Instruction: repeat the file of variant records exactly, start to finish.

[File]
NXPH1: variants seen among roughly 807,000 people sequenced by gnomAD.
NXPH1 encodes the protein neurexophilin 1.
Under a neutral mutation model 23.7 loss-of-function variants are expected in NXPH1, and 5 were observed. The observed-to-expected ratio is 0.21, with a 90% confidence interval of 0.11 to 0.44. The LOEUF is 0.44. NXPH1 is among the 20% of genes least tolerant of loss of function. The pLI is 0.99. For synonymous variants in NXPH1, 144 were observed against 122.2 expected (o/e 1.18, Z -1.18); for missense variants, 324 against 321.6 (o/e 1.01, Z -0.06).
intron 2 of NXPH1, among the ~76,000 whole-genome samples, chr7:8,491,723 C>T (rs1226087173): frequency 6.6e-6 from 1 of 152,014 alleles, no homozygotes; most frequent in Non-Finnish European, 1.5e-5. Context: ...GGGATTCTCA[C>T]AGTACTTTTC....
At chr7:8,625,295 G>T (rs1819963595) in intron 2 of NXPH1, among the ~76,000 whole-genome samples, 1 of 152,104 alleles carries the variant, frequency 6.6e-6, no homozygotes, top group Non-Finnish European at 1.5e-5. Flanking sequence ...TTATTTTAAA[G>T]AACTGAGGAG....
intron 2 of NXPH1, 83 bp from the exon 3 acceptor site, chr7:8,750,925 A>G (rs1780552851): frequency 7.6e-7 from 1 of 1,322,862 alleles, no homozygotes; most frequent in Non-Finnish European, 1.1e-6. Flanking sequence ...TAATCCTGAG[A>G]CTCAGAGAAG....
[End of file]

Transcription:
NXPH1: variants seen among roughly 807,000 people sequenced by gnomAD.
NXPH1 encodes the protein neurexophilin 1.
Under a neutral mutation model 23.7 loss-of-function variants are expected in NXPH1, and 5 were observed. The observed-to-expected ratio is 0.21, with a 90% confidence interval of 0.11 to 0.44. The LOEUF is 0.44. NXPH1 is among the 20% of genes least tolerant of loss of function. The pLI is 0.99. For synonymous variants in NXPH1, 144 were observed against 122.2 expected (o/e 1.18, Z -1.18); for missense variants, 324 against 321.6 (o/e 1.01, Z -0.06).
intron 2 of NXPH1, among the ~76,000 whole-genome samples, chr7:8,491,723 C>T (rs1226087173): frequency 6.6e-6 from 1 of 152,014 alleles, no homozygotes; most frequent in Non-Finnish European, 1.5e-5. Context: ...GGGATTCTCA[C>T]AGTACTTTTC....
At chr7:8,625,295 G>T (rs1819963595) in intron 2 of NXPH1, among the ~76,000 whole-genome samples, 1 of 152,104 alleles carries the variant, frequency 6.6e-6, no homozygotes, top group Non-Finnish European at 1.5e-5. Flanking sequence ...TTATTTTAAA[G>T]AACTGAGGAG....
intron 2 of NXPH1, 83 bp from the exon 3 acceptor site, chr7:8,750,925 A>G (rs1780552851): frequency 7.6e-7 from 1 of 1,322,862 alleles, no homozygotes; most frequent in Non-Finnish European, 1.1e-6. Flanking sequence ...TAATCCTGAG[A>G]CTCAGAGAAG....